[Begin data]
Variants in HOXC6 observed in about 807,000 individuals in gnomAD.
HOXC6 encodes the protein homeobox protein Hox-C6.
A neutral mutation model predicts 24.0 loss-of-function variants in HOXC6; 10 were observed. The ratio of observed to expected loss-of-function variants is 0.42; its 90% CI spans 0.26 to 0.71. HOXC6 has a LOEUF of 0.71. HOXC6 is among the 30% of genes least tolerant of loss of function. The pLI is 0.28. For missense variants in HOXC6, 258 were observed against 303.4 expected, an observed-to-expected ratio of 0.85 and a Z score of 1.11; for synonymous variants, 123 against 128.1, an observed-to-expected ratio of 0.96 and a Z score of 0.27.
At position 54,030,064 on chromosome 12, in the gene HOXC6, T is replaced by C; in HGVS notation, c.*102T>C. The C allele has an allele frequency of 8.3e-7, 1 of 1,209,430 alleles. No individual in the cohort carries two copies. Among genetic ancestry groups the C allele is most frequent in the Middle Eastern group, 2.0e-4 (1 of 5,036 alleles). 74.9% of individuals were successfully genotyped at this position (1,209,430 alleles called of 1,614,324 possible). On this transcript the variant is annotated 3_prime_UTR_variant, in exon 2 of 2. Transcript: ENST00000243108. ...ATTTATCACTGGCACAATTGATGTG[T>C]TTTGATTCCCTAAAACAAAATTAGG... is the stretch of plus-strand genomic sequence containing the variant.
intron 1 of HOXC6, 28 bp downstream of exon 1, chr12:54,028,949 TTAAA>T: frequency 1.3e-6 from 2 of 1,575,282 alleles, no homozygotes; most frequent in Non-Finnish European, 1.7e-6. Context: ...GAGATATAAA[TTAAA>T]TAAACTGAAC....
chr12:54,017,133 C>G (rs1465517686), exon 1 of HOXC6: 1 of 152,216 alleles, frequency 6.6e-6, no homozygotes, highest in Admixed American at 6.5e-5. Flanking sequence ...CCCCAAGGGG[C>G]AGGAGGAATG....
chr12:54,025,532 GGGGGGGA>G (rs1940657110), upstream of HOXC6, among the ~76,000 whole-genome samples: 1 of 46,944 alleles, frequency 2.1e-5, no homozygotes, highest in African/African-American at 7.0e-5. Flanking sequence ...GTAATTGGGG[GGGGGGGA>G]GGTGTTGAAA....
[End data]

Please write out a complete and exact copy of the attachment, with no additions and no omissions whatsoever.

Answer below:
Variants in HOXC6 observed in about 807,000 individuals in gnomAD.
HOXC6 encodes the protein homeobox protein Hox-C6.
A neutral mutation model predicts 24.0 loss-of-function variants in HOXC6; 10 were observed. The ratio of observed to expected loss-of-function variants is 0.42; its 90% CI spans 0.26 to 0.71. HOXC6 has a LOEUF of 0.71. HOXC6 is among the 30% of genes least tolerant of loss of function. The pLI is 0.28. For missense variants in HOXC6, 258 were observed against 303.4 expected, an observed-to-expected ratio of 0.85 and a Z score of 1.11; for synonymous variants, 123 against 128.1, an observed-to-expected ratio of 0.96 and a Z score of 0.27.
At position 54,030,064 on chromosome 12, in the gene HOXC6, T is replaced by C; in HGVS notation, c.*102T>C. The C allele has an allele frequency of 8.3e-7, 1 of 1,209,430 alleles. No individual in the cohort carries two copies. Among genetic ancestry groups the C allele is most frequent in the Middle Eastern group, 2.0e-4 (1 of 5,036 alleles). 74.9% of individuals were successfully genotyped at this position (1,209,430 alleles called of 1,614,324 possible). On this transcript the variant is annotated 3_prime_UTR_variant, in exon 2 of 2. Transcript: ENST00000243108. ...ATTTATCACTGGCACAATTGATGTG[T>C]TTTGATTCCCTAAAACAAAATTAGG... is the stretch of plus-strand genomic sequence containing the variant.
intron 1 of HOXC6, 28 bp downstream of exon 1, chr12:54,028,949 TTAAA>T: frequency 1.3e-6 from 2 of 1,575,282 alleles, no homozygotes; most frequent in Non-Finnish European, 1.7e-6. Context: ...GAGATATAAA[TTAAA>T]TAAACTGAAC....
chr12:54,017,133 C>G (rs1465517686), exon 1 of HOXC6: 1 of 152,216 alleles, frequency 6.6e-6, no homozygotes, highest in Admixed American at 6.5e-5. Flanking sequence ...CCCCAAGGGG[C>G]AGGAGGAATG....
chr12:54,025,532 GGGGGGGA>G (rs1940657110), upstream of HOXC6, among the ~76,000 whole-genome samples: 1 of 46,944 alleles, frequency 2.1e-5, no homozygotes, highest in African/African-American at 7.0e-5. Flanking sequence ...GTAATTGGGG[GGGGGGGA>G]GGTGTTGAAA....